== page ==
There is a great problem among fundamental Baptist and fundamentalist Bible churches today, in that so many that were once sound are moving in the direction of New Evangelicalism and the contemporary church growth philosophies. They are bringing in the modern Bibles and modern music and modern dress standards. They are allowing women to lead in ways the Bible forbids. They are creating worldly youth ministries that pamper and entertain the flesh rather than challenge the young people to true biblical discipleship. When God’s people rise up against these things, more often than not they are despised and discarded.

So please do not misunderstand what I am trying to say in this article. I DO NOT want to discourage or hinder God’s people in taking a scriptural and wise stand for truth in this wicked day. I am just trying to urge wisdom.


If the pastor won’t listen and doesn’t want to be challenged about things, and if he requires “unquestioning loyalty,” I would strongly suggest that you leave that church. Such a man is a Diotrephes, and staying in that church will cripple your spiritual life and turn you into something like a cult member. (At the Way of Life web site see the articles “Unquestioning Loyalty to Pastoral Leadership the Mark of a Cult” and “Another Warning about Unquestioning Loyalty.”)

If, on the other hand, you have godly, humble pastor(s) who are qualified by God’s standards and open to challenges from their people, be very patient with them. You must always remember that you are not the pastor. He, not you, will be held accountable for the church before God. He, not you, has to bear the burden of the ministry, and I can assure you that there is probably not a more difficult job in the world than leading a church and dealing with PEOPLE! He, not you, has the call of God to make the major decisions about the church’s ministry.

I advise that you always give pastors the benefit of the doubt. Not every issue that comes up in the church is as black and white as we might think. God gives pastors wisdom. They know and understand the overall picture in a way that you do not. At the same time, pastors are just sinners saved (hopefully) by grace. They are learning and growing like the rest of God’s people. God lets us make mistakes to teach us lessons; shouldn’t we give the same freedom to pastors to some wise degree? I am not talking here about clear biblical error and heresy or the type of sin that calls for church discipline. I am talking about things like allowing music that you think might be borderline, and perhaps being too “patient” with new converts about cleaning up their lives, and not dealing with issues as much as I think he should, and bringing in preachers that I don’t like, and having or not having a youth ministry, and assigning people to jobs that I don’t think they should be assigned to, and not having the soul winning program exactly to my suiting, and doing things at Christmas that I wish the church would not do or not doing things I wish they would do, and not emphasizing enough about the King James Bible and maybe even giving a “better or different” rendering once in a while, etc.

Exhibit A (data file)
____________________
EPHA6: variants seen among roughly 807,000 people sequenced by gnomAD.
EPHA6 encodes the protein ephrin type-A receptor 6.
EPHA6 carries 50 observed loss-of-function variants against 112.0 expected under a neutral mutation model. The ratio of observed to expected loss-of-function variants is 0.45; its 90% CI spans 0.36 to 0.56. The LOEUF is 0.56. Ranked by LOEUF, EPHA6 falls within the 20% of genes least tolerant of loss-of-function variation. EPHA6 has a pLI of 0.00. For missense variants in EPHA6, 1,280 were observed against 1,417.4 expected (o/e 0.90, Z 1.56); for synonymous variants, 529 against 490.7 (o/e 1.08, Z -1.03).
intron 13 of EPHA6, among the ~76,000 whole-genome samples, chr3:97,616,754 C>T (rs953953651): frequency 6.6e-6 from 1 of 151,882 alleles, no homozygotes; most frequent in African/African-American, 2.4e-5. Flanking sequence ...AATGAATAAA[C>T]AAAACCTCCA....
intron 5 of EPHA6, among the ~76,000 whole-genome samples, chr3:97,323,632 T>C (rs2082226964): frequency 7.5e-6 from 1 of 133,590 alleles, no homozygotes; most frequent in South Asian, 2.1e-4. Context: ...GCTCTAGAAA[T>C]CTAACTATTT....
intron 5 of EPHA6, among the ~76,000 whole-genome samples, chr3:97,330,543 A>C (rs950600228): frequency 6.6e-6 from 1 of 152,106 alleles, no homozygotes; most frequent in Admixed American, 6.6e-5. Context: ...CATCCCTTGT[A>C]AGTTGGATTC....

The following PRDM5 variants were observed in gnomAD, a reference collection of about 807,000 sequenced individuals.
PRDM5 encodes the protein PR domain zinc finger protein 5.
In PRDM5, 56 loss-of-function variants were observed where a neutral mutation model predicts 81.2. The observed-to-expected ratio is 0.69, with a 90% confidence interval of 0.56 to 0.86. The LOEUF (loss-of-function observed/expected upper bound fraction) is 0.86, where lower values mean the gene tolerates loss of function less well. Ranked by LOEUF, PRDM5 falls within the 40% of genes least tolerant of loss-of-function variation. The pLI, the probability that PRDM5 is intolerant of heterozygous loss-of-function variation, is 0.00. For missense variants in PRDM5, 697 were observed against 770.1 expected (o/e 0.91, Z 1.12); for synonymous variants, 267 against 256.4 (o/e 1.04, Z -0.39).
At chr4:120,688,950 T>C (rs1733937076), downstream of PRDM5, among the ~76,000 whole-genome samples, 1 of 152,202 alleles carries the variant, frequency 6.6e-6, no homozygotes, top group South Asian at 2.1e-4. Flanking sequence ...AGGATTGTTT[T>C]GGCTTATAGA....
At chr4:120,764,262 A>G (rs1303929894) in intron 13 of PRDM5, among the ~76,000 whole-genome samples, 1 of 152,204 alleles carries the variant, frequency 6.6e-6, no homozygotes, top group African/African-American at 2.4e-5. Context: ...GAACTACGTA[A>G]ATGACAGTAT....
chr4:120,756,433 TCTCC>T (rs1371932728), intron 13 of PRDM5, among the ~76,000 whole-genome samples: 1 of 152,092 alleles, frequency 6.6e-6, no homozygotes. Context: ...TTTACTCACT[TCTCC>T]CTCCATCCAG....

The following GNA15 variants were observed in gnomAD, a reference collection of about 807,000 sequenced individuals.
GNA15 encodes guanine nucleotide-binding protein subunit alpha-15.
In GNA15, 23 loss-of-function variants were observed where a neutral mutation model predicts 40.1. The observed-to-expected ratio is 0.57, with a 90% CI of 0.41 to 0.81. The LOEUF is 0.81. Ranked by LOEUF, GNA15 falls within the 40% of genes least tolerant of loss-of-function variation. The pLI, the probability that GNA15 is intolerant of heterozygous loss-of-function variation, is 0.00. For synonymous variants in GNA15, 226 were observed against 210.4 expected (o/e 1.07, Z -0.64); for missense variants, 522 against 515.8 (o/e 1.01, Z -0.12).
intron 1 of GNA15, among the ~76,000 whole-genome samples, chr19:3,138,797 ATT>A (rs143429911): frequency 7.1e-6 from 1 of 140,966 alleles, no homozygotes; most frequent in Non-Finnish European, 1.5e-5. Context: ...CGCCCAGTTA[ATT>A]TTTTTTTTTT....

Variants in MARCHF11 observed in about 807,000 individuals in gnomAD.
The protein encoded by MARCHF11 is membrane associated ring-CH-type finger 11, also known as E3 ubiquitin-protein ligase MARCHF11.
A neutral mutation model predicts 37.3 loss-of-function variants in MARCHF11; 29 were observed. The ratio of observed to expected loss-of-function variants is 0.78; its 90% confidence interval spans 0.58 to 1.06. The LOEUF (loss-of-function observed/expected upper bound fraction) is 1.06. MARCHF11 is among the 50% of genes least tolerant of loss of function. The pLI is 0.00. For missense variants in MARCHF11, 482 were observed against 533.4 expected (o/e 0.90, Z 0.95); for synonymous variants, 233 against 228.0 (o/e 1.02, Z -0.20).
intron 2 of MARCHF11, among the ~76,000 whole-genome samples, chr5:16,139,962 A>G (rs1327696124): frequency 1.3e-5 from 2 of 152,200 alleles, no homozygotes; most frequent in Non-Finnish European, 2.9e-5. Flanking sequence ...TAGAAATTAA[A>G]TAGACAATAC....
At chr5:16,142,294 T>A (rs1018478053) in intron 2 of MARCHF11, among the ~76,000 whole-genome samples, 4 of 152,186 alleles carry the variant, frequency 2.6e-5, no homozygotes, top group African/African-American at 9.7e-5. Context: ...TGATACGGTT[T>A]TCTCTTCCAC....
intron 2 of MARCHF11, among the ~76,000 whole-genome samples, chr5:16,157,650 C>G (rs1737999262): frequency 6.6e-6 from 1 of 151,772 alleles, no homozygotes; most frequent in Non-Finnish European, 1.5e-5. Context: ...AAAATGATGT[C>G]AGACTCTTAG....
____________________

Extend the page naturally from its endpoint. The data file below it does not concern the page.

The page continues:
A qualification for the pastor is that he not be self-willed (Titus 1:7). This means that he is to rule the church by God’s will and not his own will, by God’s Word not by his own thinking. The self-willed man wants to run over other people and control them. It is a matter of the heart’s attitude. It is a matter of pride and lack of compassion and godly patience.

At the same time, the church members also should not be self-willed. If God has not called me to be a pastor, I should not try to rule the church! I am not saying that the church member should not have complete liberty to express his opinion about things. I am not saying that the church is not a body and that each member should not be treated with godly consideration. I am simply saying that the church member needs to check himself and make sure that he is not trying to be something in the church that God has not called him to be.

“For I say, through the grace given unto me, to every man that is among you, not to think of himself more highly than he ought to think; but to think soberly, according as God hath dealt to every man the measure of faith” (Romans 12:3).

Women must be doubly careful about this matter, because God’s Word forbids them to teach or to usurp authority over the man (1 Timothy 2:12). The woman might be more spiritual than the men and might know more, but God has not given her the liberty to teach men. She thus has to be patient and submissive and be a great prayer warrior in order to move the heart of God to intervene THROUGH THE MEN when there are errors and problems.

This does not mean that a woman cannot go to her pastor and other church leaders if she has questions and issues, but she simply is not allowed by God to become their teacher. She can recommend materials so that the men can learn from other men, if they are willing to look into the issue, but she cannot become their teacher.

I realize this is a very sensitive matter, and many women have written to exhort and teach and rebuke me, but they are out of bounds, regardless of how much they think they know and how right and how close to God they think they are.

What I am trying to say here, and what I am trying to exhort my readers to do, is to be very wise and godly and patient in dealing with church leaders.

“For all the law is fulfilled in one word, even in this; Thou shalt love thy neighbour as thyself. But if ye bite and devour one another, take heed that ye be not consumed one of another. This I say then, Walk in the Spirit, and ye shall not fulfil the lust of the flesh” (Galatians 5:14-16).